You’re probably right, as long as it’s a nice clean photo.

I think the Dexcom reps mentioned that some people took the photo through the plastic carton (before taking off the wrapper), which is Dexcom recommended typing it in manually.

I might take your advice and be brave next time :stuck_out_tongue:

On the G6, we have the app running on the Apple Watch. With the G5 the cgm number displayed. But for some reason the Dex cgm BG number is not showing with the G6 on the watch face. Tried reinstalling the watch app. Or watch face. Or whatever it is called. I don’t wear it. lol.

Anyway - Any tips or known things that need to be done to make it work?

We were going to mess around with it but if can’t get it to work then give Dex Tech Support a call tomorrow and work the issue with them.

But maybe somebody already has the process.

I had the same issue. This is what I did.

Uninstall the G5 and G6 Apple Watch app, from the watch settings. Do not uninstall the phone G6 app.
Shutdown the watch
Start the watch.
Install the G6 app on the watch from the watch settings.

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Thanks. We tried similar but not exact. We will try exactly the same steps and see if that resolves. Appreciate it !!!

@Anthony, Followed your steps. (Thanks again.)

So it is better now. The app or gadget or whatever it is (lol) is on the watch now. Flick the wrist, hit a button and the Dex 6 cgm graph and number show up.

However when on the G5, with just a flick of the wrist, the cgm number (but no graph) would show right up on the watch face. The big benefit of this is that during class (or meetings - whatever) you can see your BG with just a flick of the wrist that nobody else would even notice. Especially in school there is such a big deal about “no cell phones - no texting” because how badly so many people abuse these and just chat/txt/whatever during school.

So, do you have the BG itself right on the watch face which is visible with simply a flick of the wrist and no further need for interaction or button push or anything? Is this maybe a different watch face or configuration that is required?


Yes, you are talking about what is called a “complication”. Its a feature where you can add certain apps to your main watch face. You will need to go into the watch app on your phone, look under “Complications” and enable the G6 there if it is not already.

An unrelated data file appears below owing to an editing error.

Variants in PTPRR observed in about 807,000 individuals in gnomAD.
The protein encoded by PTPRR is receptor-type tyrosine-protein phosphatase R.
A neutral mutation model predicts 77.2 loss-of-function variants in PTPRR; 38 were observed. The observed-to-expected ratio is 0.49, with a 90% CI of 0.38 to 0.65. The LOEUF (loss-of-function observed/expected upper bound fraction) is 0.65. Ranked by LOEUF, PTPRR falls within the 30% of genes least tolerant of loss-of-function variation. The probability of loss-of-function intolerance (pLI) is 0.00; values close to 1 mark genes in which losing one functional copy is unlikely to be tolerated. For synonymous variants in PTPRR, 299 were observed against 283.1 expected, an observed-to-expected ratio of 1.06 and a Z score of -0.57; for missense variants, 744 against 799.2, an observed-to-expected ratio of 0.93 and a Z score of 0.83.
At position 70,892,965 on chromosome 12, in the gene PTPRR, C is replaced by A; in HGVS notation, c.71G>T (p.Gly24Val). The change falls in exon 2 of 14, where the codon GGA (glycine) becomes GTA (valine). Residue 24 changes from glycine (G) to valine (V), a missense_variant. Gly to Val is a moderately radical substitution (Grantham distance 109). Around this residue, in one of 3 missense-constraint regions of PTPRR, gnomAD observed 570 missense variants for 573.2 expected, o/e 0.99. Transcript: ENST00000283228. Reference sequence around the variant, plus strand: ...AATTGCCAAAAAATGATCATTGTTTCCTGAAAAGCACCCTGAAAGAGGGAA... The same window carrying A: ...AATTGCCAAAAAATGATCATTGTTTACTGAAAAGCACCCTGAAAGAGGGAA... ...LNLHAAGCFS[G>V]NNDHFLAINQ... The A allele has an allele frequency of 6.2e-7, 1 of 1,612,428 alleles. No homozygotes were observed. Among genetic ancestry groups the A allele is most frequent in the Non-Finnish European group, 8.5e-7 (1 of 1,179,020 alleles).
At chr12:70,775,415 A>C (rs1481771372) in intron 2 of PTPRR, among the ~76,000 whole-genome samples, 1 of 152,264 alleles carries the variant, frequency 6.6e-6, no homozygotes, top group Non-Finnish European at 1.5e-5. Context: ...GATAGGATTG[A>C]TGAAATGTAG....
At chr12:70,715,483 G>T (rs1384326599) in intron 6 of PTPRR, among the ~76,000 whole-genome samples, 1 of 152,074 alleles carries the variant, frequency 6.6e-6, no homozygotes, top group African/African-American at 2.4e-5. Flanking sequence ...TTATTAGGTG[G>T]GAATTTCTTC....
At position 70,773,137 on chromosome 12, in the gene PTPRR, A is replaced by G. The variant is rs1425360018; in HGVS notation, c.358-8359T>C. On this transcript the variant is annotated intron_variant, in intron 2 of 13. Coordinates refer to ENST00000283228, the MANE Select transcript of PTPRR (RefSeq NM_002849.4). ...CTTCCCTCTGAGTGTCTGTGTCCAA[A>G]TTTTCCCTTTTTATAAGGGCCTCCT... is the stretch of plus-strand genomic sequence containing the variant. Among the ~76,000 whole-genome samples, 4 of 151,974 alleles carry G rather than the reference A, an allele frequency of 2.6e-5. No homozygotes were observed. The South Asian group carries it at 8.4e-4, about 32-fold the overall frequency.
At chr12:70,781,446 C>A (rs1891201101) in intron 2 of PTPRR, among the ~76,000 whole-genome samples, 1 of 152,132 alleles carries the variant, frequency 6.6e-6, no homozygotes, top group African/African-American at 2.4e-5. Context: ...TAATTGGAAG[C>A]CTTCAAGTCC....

Then edit one of your watch faces and set one of the gadgets to the G6 complication. That should fix it.


Got it working.
(Obviously I don’t wear the watch - ha ha ha)

The one issue that was initially confusing is the Dexcom G6 complication (hope I use the term proper) does not show up in the list for all areas for all faces. Top/bottom/left/right/middle - depending on the watch face, some of them allow the Dexcom G6 and some do not have it in the list.

So when we were first looking I guess we picked one where it was not allowed so thought it was just not working at all.

I assume there is some logic as to why/when it is included in the list but we picked a face and got the Dex added and now it shows up on the watch face.

So thanks very much for the assistance !!!

I will be switching to G6 in a few weeks. If I’m not using phone, these issues are moot? Or is there still the stop/start issue?

Thank you so very much for sharing these two tips. I will try them as soon as this sensor expires next week.

I was confused too when first seeing that term. You would think they could have picked a better name.

So I’ve been taking photos again since September 2018 and was fine until this week… when it happened to me again: now I have to calibrate for the next 10 days :frowning:

I called Dexcom and the very first thing they told me was “don’t take a photo… it rarely doesn’t work, but when that happens it doesn’t warn you that the code did not get registered”

Hopefully they will fix that bug so that either the photo get accepted, or it warns you that it didn’t so you can enter it manually!

It’s a horological term. I think it’s kinda cool that they use it even though it’s originally from mechanical watchmaking, but then I’m a total word & etymology geek:

Geez, now I need to look up horological.